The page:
So what happened to the trees? Were they destroyed by islanders under subjugation of a powerful ruler who decreed the cult of moai worship take precedence over all? Or is there a simpler, more natural explanation? Hunt and Lipo’s research combined with other findings on the island present a dramatic conclusion far removed from islanders destroying the trees for their own selfish purposes. This conclusion is a description of a phenomenon which has occurred in other islands, other lands all over the world. A phenomenon still happening today.
Besides the deforestation, the creation, movement, and placing of the giant statues have puzzled and mystified since they were discovered. Around 950 of these statues exist on the island today. While retaining the same basic shape, they differ from each other in carving details. In fact, carving characteristics seem to be localized by geographic area, similar to dialects in languages. A fascinating insight, as the island is only 64 square miles in shape.
An ancient quarry has been discovered on the island with multiple moai still in the forming stage. Old roads have also been indentified and even mapped tracing the movement of the statues to their places on the island. Fallen statues along these roads attest to the margin of error in transport. Oral legends of walking statues have been documented.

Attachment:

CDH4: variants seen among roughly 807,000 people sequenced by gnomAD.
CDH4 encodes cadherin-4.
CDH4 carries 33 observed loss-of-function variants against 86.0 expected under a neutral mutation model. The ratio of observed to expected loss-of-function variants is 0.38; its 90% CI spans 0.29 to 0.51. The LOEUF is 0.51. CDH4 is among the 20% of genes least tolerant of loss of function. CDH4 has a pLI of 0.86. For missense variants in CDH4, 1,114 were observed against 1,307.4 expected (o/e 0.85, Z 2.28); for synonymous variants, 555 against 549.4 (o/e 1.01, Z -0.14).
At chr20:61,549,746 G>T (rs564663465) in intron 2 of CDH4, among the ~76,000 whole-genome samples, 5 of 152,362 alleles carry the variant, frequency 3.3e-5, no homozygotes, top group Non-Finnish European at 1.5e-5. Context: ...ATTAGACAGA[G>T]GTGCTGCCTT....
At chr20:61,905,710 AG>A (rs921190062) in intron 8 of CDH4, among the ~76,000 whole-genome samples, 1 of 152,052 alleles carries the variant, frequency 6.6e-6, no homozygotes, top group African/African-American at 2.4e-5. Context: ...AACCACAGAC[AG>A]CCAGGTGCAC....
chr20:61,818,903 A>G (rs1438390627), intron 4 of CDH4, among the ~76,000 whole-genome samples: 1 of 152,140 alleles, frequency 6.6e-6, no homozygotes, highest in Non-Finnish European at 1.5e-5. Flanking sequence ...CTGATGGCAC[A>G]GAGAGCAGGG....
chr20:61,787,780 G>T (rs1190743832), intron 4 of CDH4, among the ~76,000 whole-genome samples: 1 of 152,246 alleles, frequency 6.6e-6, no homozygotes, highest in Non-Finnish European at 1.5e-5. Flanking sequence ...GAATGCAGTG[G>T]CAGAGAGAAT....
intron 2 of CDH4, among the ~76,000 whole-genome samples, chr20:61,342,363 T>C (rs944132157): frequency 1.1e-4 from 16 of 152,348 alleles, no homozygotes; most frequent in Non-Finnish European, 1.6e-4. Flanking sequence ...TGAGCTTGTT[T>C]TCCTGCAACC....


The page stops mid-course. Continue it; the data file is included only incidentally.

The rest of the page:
Hunt and Lipo cover the various studies and tests conducted by researchers over the years, synthesizing findings with their own research to form a rational and completely satisfying explanation. No aliens were involved! And yet, in their theory, the statues did indeed walk. They walked to the sea and rested at night. And their journeys still live on in the tales of the islanders.
The Statues That Walked is more than just a study of statues and trees. It is a study of the islanders themselves. For years, they have been characterized as moai-obsessed warriors who destroyed their own civilization with disregard to the environment and each other. But this book challenges that assumption. Not only with the trumping of conventional wisdom by rational analysis of data but by including what is often forgotten in our statue fascination: the islanders subsequent history after European discovery.
This is the most poignant part of the book. It is a sad tale of slavery, disease, and greed stretching to events occurring today with the tourist trade and ranching conducted by neighboring governments. It is a story too often repeated in history.
Easter Island will always be a place of mystery and fascination. Rational explanations, scientific research, archaeological sifting, all serve to provide only more stage props to a mystery play. The Statues That Walked is a fitting companion as we dream of an island filled with wonders not experienced in ordinary life.
Laura Blasingham is a librarian and library manager with the OC Public Libraries system who is an avid reader and fan of travel narratives.